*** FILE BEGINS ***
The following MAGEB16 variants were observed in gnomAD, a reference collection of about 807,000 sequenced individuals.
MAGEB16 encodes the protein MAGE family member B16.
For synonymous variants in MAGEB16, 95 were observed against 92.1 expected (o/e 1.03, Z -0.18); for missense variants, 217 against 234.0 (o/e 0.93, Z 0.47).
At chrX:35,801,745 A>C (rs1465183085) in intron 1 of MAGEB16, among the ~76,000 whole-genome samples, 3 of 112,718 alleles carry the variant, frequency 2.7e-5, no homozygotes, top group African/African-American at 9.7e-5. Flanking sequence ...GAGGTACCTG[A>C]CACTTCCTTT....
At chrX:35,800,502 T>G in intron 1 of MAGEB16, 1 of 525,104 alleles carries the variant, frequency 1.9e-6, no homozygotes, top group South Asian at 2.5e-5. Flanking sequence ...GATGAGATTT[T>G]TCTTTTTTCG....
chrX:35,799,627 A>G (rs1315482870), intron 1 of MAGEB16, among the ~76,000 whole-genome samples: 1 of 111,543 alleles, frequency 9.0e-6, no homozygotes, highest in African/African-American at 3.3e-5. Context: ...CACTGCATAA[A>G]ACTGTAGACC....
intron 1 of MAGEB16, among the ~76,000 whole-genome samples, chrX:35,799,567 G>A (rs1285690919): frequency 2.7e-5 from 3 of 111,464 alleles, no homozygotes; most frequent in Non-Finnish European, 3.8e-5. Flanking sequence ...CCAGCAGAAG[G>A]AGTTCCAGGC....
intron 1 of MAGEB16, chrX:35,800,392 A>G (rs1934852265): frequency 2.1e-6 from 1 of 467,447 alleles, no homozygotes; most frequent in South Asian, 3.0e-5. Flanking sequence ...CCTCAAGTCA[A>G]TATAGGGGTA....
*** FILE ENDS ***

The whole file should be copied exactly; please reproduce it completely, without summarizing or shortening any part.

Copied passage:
The following MAGEB16 variants were observed in gnomAD, a reference collection of about 807,000 sequenced individuals.
MAGEB16 encodes the protein MAGE family member B16.
For synonymous variants in MAGEB16, 95 were observed against 92.1 expected (o/e 1.03, Z -0.18); for missense variants, 217 against 234.0 (o/e 0.93, Z 0.47).
At chrX:35,801,745 A>C (rs1465183085) in intron 1 of MAGEB16, among the ~76,000 whole-genome samples, 3 of 112,718 alleles carry the variant, frequency 2.7e-5, no homozygotes, top group African/African-American at 9.7e-5. Flanking sequence ...GAGGTACCTG[A>C]CACTTCCTTT....
At chrX:35,800,502 T>G in intron 1 of MAGEB16, 1 of 525,104 alleles carries the variant, frequency 1.9e-6, no homozygotes, top group South Asian at 2.5e-5. Flanking sequence ...GATGAGATTT[T>G]TCTTTTTTCG....
chrX:35,799,627 A>G (rs1315482870), intron 1 of MAGEB16, among the ~76,000 whole-genome samples: 1 of 111,543 alleles, frequency 9.0e-6, no homozygotes, highest in African/African-American at 3.3e-5. Context: ...CACTGCATAA[A>G]ACTGTAGACC....
intron 1 of MAGEB16, among the ~76,000 whole-genome samples, chrX:35,799,567 G>A (rs1285690919): frequency 2.7e-5 from 3 of 111,464 alleles, no homozygotes; most frequent in Non-Finnish European, 3.8e-5. Flanking sequence ...CCAGCAGAAG[G>A]AGTTCCAGGC....
intron 1 of MAGEB16, chrX:35,800,392 A>G (rs1934852265): frequency 2.1e-6 from 1 of 467,447 alleles, no homozygotes; most frequent in South Asian, 3.0e-5. Flanking sequence ...CCTCAAGTCA[A>G]TATAGGGGTA....